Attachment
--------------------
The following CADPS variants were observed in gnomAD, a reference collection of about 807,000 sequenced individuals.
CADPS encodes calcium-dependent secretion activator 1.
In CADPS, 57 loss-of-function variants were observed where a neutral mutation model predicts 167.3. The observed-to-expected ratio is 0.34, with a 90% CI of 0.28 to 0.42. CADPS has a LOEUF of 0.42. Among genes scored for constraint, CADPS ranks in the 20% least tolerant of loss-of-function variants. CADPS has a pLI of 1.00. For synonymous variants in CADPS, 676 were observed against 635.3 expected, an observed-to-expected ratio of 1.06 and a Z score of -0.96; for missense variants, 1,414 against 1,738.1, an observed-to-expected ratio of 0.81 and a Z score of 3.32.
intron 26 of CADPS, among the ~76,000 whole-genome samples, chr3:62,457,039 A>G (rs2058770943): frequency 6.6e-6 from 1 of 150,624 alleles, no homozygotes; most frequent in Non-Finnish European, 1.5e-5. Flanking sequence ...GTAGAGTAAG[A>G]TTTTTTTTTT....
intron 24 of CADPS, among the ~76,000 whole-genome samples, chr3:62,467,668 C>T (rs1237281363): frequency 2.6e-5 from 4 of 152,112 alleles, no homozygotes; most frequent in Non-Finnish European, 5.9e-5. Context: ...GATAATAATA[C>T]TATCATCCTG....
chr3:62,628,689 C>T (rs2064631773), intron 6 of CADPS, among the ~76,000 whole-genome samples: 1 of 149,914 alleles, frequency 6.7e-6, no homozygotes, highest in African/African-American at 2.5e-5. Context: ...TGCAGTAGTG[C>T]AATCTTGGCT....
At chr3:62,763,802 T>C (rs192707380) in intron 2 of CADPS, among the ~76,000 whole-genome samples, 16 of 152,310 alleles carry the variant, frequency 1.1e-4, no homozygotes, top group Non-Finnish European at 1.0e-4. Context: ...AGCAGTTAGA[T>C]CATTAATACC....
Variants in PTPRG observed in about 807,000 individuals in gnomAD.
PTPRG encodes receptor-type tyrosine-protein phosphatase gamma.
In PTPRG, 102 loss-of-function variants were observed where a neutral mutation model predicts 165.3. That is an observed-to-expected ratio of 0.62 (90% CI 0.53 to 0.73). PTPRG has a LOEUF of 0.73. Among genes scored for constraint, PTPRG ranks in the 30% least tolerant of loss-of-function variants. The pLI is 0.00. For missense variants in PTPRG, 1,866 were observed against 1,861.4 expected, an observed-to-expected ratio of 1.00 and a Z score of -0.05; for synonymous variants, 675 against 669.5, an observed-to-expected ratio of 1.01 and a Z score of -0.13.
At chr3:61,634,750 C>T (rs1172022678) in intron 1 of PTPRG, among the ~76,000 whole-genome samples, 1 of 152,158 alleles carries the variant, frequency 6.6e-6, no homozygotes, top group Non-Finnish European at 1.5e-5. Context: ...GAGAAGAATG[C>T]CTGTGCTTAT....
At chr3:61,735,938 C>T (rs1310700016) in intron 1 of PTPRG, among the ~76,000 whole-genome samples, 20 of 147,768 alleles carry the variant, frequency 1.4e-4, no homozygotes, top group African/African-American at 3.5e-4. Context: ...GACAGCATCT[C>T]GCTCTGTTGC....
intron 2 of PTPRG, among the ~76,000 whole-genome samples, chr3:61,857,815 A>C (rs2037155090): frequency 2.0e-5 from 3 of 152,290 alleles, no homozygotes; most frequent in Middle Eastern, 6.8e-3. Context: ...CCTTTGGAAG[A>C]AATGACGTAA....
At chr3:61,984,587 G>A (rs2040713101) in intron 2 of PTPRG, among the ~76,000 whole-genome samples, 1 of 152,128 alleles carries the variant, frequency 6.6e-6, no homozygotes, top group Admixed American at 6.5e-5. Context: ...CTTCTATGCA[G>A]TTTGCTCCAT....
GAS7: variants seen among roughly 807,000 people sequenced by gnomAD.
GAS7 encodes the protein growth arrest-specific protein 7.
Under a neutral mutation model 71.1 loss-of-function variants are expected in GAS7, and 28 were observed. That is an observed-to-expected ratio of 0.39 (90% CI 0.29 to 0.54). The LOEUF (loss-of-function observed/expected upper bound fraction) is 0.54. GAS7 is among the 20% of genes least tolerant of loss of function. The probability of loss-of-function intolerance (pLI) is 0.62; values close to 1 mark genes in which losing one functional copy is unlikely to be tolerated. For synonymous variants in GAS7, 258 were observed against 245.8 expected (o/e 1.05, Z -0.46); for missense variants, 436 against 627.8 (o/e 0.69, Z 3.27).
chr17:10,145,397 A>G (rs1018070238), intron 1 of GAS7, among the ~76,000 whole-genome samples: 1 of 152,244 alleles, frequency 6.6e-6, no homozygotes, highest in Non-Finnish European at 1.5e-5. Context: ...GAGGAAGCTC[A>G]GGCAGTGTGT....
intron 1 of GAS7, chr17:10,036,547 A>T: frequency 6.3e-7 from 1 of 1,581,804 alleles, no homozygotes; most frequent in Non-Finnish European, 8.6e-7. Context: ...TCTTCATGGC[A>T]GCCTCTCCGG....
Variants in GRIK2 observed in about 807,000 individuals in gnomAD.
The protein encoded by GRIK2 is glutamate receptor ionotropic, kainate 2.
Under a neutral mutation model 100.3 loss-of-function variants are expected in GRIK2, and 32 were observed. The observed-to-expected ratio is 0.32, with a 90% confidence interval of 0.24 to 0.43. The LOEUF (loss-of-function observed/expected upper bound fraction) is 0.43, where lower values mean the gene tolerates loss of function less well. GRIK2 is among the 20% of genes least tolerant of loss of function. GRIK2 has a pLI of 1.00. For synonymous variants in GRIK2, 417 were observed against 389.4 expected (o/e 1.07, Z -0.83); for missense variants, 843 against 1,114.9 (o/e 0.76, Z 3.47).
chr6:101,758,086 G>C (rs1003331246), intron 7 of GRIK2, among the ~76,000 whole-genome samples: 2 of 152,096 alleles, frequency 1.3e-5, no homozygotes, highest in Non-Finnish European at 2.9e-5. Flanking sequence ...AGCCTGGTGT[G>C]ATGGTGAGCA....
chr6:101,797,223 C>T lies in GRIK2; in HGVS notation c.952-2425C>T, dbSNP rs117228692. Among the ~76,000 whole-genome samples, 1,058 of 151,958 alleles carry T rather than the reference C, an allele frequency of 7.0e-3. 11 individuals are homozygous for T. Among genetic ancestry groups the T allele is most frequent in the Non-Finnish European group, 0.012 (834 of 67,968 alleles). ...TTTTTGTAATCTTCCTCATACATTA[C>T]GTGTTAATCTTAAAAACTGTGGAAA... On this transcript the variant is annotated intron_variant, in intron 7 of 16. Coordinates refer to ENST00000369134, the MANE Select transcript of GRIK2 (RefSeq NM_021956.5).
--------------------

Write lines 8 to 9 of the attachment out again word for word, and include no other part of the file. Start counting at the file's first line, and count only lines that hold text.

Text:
Variants in PTPRG observed in about 807,000 individuals in gnomAD.
PTPRG encodes receptor-type tyrosine-protein phosphatase gamma.